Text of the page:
Whether you marriage is good, bad, or just plain ugly, there is always hope to make it great. But great does not come easily.
Great marriages take courage. When we think of courage, we generally think of the policemen and firemen who ran into the Twin Towers, or of a person diving into an icy pond to save a friend, or of a soldier on the front lines of battle. Most of us don’t think of courage when it comes to facing our everyday stuff, such as our marriage or raising kids. But it takes great courage to build relational intimacy, which is the oxygen of a marriage. It takes an enormous amount of courage to say, “This marriage is in trouble and we need to do something about it.” It’s much easier to put your troubles on the back burner, engage in the rough-and-tumble of life, and hope things will sort of work themselves out. Running from problems is always easier than solving them. But courage is willing to put on the gloves and say, “Let’s fight for this marriage.”
Great marriages take discipline. When you look at successful people you will find one thing in every case: It takes discipline to become successful at anything. Failure, for the most part, is due to people letting things slide. There is a lack of discipline.
In his book the Road Less Traveled, Scott Peck writes, “Delaying gratification is a process of scheduling the pain and pleasure of life in such a way as to enhance the pleasure by meeting and experiencing the pain first and getting it over with.” Discipline is simply a commitment to get the pain out of the way first.
When Deb and I were first married (we were in our teens), we decided to wrestle through the hard stuff from the start. We needed to learn how to fight fair, when to speak up and when to keep quiet, how to forgive, how to handle money (what little we had), how to love in a language the other one understood, and so on. There were some long nights as we worked through sneers, fears, and unfair judgments. But the long-term benefit has been wonderful.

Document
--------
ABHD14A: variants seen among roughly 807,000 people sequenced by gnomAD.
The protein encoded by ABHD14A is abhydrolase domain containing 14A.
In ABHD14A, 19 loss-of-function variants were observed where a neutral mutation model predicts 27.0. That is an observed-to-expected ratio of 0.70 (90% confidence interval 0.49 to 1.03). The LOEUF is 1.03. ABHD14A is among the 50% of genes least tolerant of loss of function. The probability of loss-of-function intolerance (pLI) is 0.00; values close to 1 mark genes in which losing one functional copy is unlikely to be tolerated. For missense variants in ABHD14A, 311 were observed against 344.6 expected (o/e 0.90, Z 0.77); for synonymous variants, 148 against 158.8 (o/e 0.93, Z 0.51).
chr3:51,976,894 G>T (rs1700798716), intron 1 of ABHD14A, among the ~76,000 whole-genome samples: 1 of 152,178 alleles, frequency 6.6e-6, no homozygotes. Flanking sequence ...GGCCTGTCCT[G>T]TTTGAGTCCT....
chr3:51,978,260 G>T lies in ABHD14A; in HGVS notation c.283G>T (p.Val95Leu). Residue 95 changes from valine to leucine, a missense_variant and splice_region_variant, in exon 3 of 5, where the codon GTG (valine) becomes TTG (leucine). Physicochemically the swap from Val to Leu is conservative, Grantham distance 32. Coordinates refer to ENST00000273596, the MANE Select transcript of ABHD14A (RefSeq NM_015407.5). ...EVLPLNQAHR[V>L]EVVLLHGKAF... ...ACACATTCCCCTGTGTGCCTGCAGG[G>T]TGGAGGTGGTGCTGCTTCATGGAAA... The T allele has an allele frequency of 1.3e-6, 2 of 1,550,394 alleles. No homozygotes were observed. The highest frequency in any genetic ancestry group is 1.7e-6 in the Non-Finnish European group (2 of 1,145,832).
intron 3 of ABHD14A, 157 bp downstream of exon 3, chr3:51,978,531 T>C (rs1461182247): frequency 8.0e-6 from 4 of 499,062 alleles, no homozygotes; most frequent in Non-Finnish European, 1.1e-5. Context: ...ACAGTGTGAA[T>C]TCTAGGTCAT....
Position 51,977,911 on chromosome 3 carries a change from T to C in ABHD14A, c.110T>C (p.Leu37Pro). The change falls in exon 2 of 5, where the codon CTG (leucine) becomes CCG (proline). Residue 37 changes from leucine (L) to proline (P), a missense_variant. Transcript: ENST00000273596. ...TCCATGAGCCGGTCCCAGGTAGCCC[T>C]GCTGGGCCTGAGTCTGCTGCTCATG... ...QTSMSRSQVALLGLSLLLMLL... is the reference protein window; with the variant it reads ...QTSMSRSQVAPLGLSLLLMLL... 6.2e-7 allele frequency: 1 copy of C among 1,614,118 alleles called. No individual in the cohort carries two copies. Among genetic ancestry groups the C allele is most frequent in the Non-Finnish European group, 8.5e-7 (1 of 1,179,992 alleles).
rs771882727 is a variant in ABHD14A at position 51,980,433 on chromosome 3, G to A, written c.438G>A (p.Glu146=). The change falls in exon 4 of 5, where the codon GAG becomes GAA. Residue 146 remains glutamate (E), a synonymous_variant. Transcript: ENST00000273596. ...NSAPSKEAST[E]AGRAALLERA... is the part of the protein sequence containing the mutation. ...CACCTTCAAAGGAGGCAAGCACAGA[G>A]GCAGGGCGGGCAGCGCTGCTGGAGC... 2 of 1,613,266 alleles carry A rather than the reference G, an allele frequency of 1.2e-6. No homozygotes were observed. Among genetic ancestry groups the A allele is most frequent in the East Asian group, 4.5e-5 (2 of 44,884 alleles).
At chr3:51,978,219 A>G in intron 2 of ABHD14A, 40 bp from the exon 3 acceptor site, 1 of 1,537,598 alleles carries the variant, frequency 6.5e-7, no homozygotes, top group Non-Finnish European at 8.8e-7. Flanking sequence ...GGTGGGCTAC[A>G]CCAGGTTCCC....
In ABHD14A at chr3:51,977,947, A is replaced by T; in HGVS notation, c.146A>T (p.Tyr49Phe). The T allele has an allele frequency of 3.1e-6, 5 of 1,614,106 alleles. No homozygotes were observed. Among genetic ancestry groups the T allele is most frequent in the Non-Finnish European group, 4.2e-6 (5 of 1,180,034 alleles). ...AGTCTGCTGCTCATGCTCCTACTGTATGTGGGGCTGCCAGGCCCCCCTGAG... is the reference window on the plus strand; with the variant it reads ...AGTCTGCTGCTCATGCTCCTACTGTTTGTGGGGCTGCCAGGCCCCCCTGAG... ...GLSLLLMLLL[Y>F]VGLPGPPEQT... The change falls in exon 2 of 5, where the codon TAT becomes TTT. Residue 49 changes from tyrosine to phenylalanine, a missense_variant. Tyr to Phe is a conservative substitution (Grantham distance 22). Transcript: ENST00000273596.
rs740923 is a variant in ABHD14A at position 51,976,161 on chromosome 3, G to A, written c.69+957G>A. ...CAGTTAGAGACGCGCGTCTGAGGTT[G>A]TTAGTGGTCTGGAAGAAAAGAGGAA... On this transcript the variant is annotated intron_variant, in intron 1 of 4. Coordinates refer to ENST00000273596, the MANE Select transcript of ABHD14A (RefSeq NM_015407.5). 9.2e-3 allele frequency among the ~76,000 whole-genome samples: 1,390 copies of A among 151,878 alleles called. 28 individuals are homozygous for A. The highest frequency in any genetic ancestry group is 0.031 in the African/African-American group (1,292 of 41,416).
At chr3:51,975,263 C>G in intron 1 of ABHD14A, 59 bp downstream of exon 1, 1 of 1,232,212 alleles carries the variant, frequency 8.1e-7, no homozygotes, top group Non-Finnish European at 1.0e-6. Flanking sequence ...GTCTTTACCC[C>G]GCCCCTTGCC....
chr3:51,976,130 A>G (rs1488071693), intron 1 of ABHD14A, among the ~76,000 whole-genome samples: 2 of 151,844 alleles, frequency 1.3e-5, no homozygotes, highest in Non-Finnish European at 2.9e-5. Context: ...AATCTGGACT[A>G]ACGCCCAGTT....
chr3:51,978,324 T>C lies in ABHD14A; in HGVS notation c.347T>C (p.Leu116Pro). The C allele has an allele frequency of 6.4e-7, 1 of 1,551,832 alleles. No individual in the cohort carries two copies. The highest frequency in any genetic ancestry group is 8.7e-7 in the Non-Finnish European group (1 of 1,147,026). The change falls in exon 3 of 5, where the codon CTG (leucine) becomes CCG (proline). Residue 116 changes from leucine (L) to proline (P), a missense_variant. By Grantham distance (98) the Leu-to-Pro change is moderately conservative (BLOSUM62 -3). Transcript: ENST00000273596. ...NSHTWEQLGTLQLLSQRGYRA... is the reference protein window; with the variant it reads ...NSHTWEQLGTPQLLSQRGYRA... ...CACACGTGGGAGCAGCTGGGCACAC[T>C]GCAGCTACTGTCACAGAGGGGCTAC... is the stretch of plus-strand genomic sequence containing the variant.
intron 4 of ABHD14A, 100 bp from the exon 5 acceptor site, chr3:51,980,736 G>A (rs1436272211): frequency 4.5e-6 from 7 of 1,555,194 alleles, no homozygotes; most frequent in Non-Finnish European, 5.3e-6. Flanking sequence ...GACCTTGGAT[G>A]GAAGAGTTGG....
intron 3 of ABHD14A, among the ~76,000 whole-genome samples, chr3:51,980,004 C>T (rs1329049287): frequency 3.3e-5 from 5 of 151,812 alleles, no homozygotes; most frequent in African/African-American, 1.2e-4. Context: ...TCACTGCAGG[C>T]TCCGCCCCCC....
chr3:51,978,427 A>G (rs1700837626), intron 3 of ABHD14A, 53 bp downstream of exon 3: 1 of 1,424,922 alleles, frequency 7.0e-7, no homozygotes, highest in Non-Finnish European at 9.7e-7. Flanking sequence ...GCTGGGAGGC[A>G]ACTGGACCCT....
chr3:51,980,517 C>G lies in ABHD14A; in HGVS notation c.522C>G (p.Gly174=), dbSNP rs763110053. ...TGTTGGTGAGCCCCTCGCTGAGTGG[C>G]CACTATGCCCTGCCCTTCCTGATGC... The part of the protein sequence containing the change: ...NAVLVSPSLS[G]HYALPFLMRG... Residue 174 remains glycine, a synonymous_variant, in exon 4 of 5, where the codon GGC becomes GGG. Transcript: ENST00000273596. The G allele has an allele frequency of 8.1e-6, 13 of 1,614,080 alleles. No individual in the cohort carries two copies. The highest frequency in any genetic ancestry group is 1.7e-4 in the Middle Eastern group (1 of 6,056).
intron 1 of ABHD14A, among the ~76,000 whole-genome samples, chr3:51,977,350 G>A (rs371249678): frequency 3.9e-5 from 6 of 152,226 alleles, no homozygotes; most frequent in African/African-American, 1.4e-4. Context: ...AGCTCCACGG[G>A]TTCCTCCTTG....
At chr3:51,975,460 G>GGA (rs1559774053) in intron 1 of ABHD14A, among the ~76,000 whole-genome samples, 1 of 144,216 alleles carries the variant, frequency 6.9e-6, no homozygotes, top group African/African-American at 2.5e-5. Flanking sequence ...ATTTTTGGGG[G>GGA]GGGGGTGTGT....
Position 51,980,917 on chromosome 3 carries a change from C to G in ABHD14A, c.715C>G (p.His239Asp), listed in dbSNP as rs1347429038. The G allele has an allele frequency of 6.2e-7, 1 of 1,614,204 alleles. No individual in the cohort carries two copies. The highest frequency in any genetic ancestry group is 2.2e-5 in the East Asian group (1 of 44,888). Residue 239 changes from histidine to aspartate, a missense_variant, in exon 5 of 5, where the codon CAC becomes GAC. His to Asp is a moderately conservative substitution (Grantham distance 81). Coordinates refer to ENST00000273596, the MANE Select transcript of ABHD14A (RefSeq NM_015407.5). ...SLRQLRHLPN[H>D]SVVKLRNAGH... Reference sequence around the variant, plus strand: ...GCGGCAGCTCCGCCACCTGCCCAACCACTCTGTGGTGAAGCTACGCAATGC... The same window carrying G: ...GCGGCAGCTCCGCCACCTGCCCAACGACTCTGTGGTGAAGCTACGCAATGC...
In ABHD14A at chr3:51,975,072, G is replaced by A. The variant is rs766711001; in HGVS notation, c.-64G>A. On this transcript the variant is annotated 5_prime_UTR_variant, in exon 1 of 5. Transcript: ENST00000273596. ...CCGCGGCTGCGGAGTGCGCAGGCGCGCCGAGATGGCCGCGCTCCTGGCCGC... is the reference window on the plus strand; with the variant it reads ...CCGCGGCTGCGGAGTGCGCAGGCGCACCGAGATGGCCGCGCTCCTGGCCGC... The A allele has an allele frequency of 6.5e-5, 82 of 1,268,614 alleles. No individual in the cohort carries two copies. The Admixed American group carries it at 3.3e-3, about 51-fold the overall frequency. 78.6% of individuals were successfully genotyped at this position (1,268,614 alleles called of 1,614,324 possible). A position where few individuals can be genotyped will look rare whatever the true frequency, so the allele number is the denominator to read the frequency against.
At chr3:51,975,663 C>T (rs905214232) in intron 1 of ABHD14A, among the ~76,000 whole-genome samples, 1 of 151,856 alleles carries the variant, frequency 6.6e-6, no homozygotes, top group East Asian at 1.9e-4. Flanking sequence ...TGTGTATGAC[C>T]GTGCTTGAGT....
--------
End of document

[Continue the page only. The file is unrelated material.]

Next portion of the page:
Over the years I have sat across from many couples in deep conflict. As the problems emerged in their marriage, they chose to ignore them, to let them slither out of sight, refusing to deal with them. Instead of committing to work through the pain early on they ignored it. But ignoring problems in the context of an intimate relationship doesn’t work. Eventually it becomes intolerable.
Here is a practical idea: Don’t go to bed mad. It was the apostle Paul who wrote, “Do not let the sun go down while you are still angry.” Decide in advance (a secret to being disciplined) that whenever you get into a spat, you will at least quash the negative emotions associated with the argument. And do it before you fall asleep (this will make for some long nights). You might not get the issue resolved, but you at least get past the hurt of disagreement.
Great marriages take endurance. Endurance refuses to cash it in—it pushes past quitting points. We live in a culture where we have come to expect things instantly. We like fast diets, overnight success, rapid fitness, and a hundred-yard dash to marital bliss. If we don’t experience what we want in a reasonable amount of time—say, in a day or two, we think something is wrong. Those of us over fifty were once called the “now generation.” We were pretty well known for easily quitting things before the rewards showed up—jobs, educational paths, relationships, pretty much anything complex. Why? It couldn’t be had, now. Sadly, the generations that follow us expect no less.